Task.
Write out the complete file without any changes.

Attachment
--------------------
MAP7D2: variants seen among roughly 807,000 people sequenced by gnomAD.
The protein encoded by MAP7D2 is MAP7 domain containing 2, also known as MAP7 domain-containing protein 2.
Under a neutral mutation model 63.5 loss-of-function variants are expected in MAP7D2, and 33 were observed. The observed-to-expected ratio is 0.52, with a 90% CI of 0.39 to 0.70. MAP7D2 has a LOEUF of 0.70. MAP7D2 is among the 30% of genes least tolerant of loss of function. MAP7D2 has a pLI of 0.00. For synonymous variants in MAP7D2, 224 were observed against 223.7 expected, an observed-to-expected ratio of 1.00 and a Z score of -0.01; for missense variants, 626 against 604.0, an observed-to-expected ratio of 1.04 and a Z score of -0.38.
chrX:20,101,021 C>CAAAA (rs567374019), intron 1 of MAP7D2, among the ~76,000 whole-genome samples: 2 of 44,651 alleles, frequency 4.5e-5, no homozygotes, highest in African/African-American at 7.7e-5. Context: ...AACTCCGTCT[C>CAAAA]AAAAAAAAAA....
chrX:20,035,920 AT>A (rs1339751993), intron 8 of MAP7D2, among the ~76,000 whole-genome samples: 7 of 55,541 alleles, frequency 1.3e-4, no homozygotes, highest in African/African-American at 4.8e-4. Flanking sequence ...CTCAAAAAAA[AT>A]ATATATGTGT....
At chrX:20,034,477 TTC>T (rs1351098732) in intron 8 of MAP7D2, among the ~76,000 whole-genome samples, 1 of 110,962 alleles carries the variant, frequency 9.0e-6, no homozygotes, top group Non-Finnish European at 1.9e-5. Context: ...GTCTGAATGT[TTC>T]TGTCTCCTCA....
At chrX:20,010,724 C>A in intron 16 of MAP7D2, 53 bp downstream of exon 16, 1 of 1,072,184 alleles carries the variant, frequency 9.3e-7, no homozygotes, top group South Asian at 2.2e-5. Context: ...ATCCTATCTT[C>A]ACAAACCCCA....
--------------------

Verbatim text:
MAP7D2: variants seen among roughly 807,000 people sequenced by gnomAD.
The protein encoded by MAP7D2 is MAP7 domain containing 2, also known as MAP7 domain-containing protein 2.
Under a neutral mutation model 63.5 loss-of-function variants are expected in MAP7D2, and 33 were observed. The observed-to-expected ratio is 0.52, with a 90% CI of 0.39 to 0.70. MAP7D2 has a LOEUF of 0.70. MAP7D2 is among the 30% of genes least tolerant of loss of function. MAP7D2 has a pLI of 0.00. For synonymous variants in MAP7D2, 224 were observed against 223.7 expected, an observed-to-expected ratio of 1.00 and a Z score of -0.01; for missense variants, 626 against 604.0, an observed-to-expected ratio of 1.04 and a Z score of -0.38.
chrX:20,101,021 C>CAAAA (rs567374019), intron 1 of MAP7D2, among the ~76,000 whole-genome samples: 2 of 44,651 alleles, frequency 4.5e-5, no homozygotes, highest in African/African-American at 7.7e-5. Context: ...AACTCCGTCT[C>CAAAA]AAAAAAAAAA....
chrX:20,035,920 AT>A (rs1339751993), intron 8 of MAP7D2, among the ~76,000 whole-genome samples: 7 of 55,541 alleles, frequency 1.3e-4, no homozygotes, highest in African/African-American at 4.8e-4. Flanking sequence ...CTCAAAAAAA[AT>A]ATATATGTGT....
At chrX:20,034,477 TTC>T (rs1351098732) in intron 8 of MAP7D2, among the ~76,000 whole-genome samples, 1 of 110,962 alleles carries the variant, frequency 9.0e-6, no homozygotes, top group Non-Finnish European at 1.9e-5. Context: ...GTCTGAATGT[TTC>T]TGTCTCCTCA....
At chrX:20,010,724 C>A in intron 16 of MAP7D2, 53 bp downstream of exon 16, 1 of 1,072,184 alleles carries the variant, frequency 9.3e-7, no homozygotes, top group South Asian at 2.2e-5. Context: ...ATCCTATCTT[C>A]ACAAACCCCA....